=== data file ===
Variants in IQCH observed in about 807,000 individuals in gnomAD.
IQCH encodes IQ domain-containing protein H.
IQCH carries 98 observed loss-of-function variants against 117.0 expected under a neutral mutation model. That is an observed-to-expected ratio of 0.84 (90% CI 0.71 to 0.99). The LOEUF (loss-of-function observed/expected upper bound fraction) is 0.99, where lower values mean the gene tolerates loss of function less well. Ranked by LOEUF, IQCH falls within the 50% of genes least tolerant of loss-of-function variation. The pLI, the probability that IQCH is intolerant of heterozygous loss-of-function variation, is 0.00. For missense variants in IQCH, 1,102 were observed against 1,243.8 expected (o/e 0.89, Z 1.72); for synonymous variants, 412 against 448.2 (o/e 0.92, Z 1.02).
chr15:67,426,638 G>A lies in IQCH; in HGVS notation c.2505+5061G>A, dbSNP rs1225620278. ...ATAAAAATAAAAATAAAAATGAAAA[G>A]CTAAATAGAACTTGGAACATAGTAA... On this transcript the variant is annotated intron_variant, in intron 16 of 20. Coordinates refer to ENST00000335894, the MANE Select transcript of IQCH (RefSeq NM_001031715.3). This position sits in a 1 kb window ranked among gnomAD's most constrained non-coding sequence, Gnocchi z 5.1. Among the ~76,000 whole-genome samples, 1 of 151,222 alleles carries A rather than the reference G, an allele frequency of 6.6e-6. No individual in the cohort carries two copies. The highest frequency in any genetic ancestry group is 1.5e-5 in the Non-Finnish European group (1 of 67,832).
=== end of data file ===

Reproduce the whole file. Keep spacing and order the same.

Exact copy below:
Variants in IQCH observed in about 807,000 individuals in gnomAD.
IQCH encodes IQ domain-containing protein H.
IQCH carries 98 observed loss-of-function variants against 117.0 expected under a neutral mutation model. That is an observed-to-expected ratio of 0.84 (90% CI 0.71 to 0.99). The LOEUF (loss-of-function observed/expected upper bound fraction) is 0.99, where lower values mean the gene tolerates loss of function less well. Ranked by LOEUF, IQCH falls within the 50% of genes least tolerant of loss-of-function variation. The pLI, the probability that IQCH is intolerant of heterozygous loss-of-function variation, is 0.00. For missense variants in IQCH, 1,102 were observed against 1,243.8 expected (o/e 0.89, Z 1.72); for synonymous variants, 412 against 448.2 (o/e 0.92, Z 1.02).
chr15:67,426,638 G>A lies in IQCH; in HGVS notation c.2505+5061G>A, dbSNP rs1225620278. ...ATAAAAATAAAAATAAAAATGAAAA[G>A]CTAAATAGAACTTGGAACATAGTAA... On this transcript the variant is annotated intron_variant, in intron 16 of 20. Coordinates refer to ENST00000335894, the MANE Select transcript of IQCH (RefSeq NM_001031715.3). This position sits in a 1 kb window ranked among gnomAD's most constrained non-coding sequence, Gnocchi z 5.1. Among the ~76,000 whole-genome samples, 1 of 151,222 alleles carries A rather than the reference G, an allele frequency of 6.6e-6. No individual in the cohort carries two copies. The highest frequency in any genetic ancestry group is 1.5e-5 in the Non-Finnish European group (1 of 67,832).